by Shannon Brescher Shea – A metal bridge arches over a gently flowing stream in Rockville, Maryland, winding its way between trees and rock-strewn banks. Looking at little closer, it’s clear the water is littered with soda cans, cigarette butts, and plastic bags. But a stream clean-up is underway, with several families picking up trash. Adults wade in the water, picking up garbage and holding the hands of little ones, while bigger kids snatch junk with trash pickers and deposit it in bags.
Stream clean-up events are a great way to get outside and give back to the environment for Earth Day. During stream clean-ups, local citizens get together and pick up garbage at a waterway. While cities and organizations often organize them, individuals can also take action themselves. Participating in a clean-up has a variety of benefits to families. Children can become more comfortable in a variety of outdoor environments that they may not have experienced before, including climbing on slippery rocks and wading in water.
Of course, clean-ups are great for the environment too. Rivers and streams provide places to play, wildlife with habitats, and in some cases, drinking water. According to conservation organization American Rivers, freshwater channels provide two-thirds of our nation’s drinking water supply. Litter puts all of these uses at risk. Animals often eat plastics, blocking their digestive systems. Cigarettes and other pollutants can decrease water quality. Clearing out the garbage can help limit the damage.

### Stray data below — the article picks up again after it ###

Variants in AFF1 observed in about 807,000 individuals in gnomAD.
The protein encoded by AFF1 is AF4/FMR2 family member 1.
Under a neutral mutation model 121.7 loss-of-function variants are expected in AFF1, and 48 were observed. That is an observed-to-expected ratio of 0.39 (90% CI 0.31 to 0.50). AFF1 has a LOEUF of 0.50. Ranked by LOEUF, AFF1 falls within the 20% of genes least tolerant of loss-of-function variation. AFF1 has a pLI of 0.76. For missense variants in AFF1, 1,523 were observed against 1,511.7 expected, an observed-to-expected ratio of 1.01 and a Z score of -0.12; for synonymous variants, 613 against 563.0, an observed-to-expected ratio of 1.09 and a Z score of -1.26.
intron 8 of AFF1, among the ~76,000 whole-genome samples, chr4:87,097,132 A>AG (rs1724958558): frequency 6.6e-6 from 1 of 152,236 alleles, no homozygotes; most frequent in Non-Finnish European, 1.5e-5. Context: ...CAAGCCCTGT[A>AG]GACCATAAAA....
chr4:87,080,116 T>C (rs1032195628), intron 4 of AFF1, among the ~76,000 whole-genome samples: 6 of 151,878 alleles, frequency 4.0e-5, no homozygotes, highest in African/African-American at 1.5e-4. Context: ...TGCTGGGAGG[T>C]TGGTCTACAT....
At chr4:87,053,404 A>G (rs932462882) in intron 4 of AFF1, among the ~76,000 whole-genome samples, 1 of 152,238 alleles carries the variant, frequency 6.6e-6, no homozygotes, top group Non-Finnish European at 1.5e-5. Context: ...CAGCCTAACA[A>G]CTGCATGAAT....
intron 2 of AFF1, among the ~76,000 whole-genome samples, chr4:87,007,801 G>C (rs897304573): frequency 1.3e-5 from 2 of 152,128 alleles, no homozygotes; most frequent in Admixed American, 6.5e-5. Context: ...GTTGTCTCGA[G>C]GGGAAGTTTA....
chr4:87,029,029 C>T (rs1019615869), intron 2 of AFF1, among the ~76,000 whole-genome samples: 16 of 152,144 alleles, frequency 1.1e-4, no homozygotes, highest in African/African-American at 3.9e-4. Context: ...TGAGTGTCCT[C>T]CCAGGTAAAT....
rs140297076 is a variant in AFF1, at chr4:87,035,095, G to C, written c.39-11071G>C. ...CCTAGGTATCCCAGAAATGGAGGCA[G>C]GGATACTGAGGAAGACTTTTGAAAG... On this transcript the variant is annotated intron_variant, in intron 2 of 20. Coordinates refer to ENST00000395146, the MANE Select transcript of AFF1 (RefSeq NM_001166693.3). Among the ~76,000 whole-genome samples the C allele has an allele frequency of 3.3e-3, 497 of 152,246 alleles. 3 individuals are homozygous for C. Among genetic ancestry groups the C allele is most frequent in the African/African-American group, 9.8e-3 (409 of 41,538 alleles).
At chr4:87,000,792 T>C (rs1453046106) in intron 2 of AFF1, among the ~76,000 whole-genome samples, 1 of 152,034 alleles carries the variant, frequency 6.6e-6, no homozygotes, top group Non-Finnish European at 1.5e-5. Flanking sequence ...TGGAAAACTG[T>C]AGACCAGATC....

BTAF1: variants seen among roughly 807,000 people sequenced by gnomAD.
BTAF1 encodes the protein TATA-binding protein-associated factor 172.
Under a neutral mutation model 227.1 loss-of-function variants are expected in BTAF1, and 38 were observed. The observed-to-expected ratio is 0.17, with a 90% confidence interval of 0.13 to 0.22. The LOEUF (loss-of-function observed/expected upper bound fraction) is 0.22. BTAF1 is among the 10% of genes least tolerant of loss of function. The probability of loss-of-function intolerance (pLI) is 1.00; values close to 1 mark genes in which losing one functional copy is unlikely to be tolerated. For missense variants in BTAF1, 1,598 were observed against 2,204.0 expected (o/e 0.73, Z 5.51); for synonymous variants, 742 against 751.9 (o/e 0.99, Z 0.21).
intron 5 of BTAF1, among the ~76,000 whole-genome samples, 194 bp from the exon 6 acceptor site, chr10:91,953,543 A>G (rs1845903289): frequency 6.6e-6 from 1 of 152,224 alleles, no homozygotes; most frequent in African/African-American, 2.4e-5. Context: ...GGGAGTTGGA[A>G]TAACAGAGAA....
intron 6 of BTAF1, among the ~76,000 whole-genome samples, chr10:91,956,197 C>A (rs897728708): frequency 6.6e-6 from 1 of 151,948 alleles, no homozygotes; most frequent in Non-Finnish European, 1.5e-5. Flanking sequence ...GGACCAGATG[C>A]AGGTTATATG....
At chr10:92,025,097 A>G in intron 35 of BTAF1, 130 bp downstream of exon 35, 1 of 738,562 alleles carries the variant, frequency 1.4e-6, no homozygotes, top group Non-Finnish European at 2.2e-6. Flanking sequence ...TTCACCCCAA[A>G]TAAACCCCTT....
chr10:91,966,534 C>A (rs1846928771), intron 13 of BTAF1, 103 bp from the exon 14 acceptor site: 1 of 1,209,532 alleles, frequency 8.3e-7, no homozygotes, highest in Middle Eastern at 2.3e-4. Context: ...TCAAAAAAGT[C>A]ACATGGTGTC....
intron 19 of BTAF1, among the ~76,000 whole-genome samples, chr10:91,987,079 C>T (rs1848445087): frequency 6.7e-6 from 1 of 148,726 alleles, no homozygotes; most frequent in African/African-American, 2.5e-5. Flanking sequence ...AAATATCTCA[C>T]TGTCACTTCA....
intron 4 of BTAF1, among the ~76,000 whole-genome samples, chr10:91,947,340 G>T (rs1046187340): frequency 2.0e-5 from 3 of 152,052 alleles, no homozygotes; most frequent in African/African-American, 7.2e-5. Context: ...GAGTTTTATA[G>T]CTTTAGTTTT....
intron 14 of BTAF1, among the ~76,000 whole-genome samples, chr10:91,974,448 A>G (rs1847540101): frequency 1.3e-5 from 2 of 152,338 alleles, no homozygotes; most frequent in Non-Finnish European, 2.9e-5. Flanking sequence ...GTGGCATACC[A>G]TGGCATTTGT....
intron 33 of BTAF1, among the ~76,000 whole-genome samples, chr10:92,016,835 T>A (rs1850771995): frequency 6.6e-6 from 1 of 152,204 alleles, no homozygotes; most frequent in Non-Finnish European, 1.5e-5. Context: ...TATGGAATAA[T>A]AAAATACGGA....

These events are a great way to start conversations with your kids about the local environment. While many environmental issues like climate change are impossible to see directly, garbage is concrete. Kids can quickly understand how a plastic straw they drop at the playground finds its way into the stream.
“It allows the family and the children to provide a sense of ownership over this stream and stewardship,” said Shannon Philbin, the environmental outreach specialist for the City of Rockville, who runs the city’s stream clean-ups. “When we have children growing up with a sense of ownership and responsibility for our natural areas… they become more conscious of the decisions they make that affect it.”
These activities can also help parents teach kids about sustainability more broadly. Looking at what is in the stream and considering how it got there can spark conversations about consumption, recycling, and the water cycle. Madeline Bule, national river clean-up manager for non-profit organization American Rivers, recommends that families talk with children ahead of time about where their water comes from and how that relates to the clean-up.
“Residents can have a huge influence just in our own backyards,” said Philbin. “Eventually, we all live upstream of someone else.”
Local action also builds a sense of community and offers a way to connect with neighbors. For older kids, clean-ups can also provide community service hours for school or honors societies.
- But, like any outdoor activity involving kids, a few tips are helpful before plunging in: